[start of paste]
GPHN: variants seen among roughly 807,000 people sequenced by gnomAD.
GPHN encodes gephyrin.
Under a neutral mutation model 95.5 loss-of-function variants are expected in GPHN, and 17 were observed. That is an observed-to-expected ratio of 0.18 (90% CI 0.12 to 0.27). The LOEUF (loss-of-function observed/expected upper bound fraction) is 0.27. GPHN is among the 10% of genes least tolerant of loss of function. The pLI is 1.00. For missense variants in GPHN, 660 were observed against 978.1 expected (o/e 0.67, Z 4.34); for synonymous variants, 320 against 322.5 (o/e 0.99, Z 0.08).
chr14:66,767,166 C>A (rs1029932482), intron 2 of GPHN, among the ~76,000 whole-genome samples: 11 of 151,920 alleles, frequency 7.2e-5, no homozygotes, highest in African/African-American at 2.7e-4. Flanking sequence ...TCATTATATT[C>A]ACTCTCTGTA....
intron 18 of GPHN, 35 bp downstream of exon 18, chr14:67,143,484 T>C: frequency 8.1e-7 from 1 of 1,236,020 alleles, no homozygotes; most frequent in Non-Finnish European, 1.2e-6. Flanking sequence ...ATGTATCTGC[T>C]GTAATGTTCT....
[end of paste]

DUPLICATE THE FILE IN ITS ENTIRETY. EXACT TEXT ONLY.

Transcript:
GPHN: variants seen among roughly 807,000 people sequenced by gnomAD.
GPHN encodes gephyrin.
Under a neutral mutation model 95.5 loss-of-function variants are expected in GPHN, and 17 were observed. That is an observed-to-expected ratio of 0.18 (90% CI 0.12 to 0.27). The LOEUF (loss-of-function observed/expected upper bound fraction) is 0.27. GPHN is among the 10% of genes least tolerant of loss of function. The pLI is 1.00. For missense variants in GPHN, 660 were observed against 978.1 expected (o/e 0.67, Z 4.34); for synonymous variants, 320 against 322.5 (o/e 0.99, Z 0.08).
chr14:66,767,166 C>A (rs1029932482), intron 2 of GPHN, among the ~76,000 whole-genome samples: 11 of 151,920 alleles, frequency 7.2e-5, no homozygotes, highest in African/African-American at 2.7e-4. Flanking sequence ...TCATTATATT[C>A]ACTCTCTGTA....
intron 18 of GPHN, 35 bp downstream of exon 18, chr14:67,143,484 T>C: frequency 8.1e-7 from 1 of 1,236,020 alleles, no homozygotes; most frequent in Non-Finnish European, 1.2e-6. Flanking sequence ...ATGTATCTGC[T>C]GTAATGTTCT....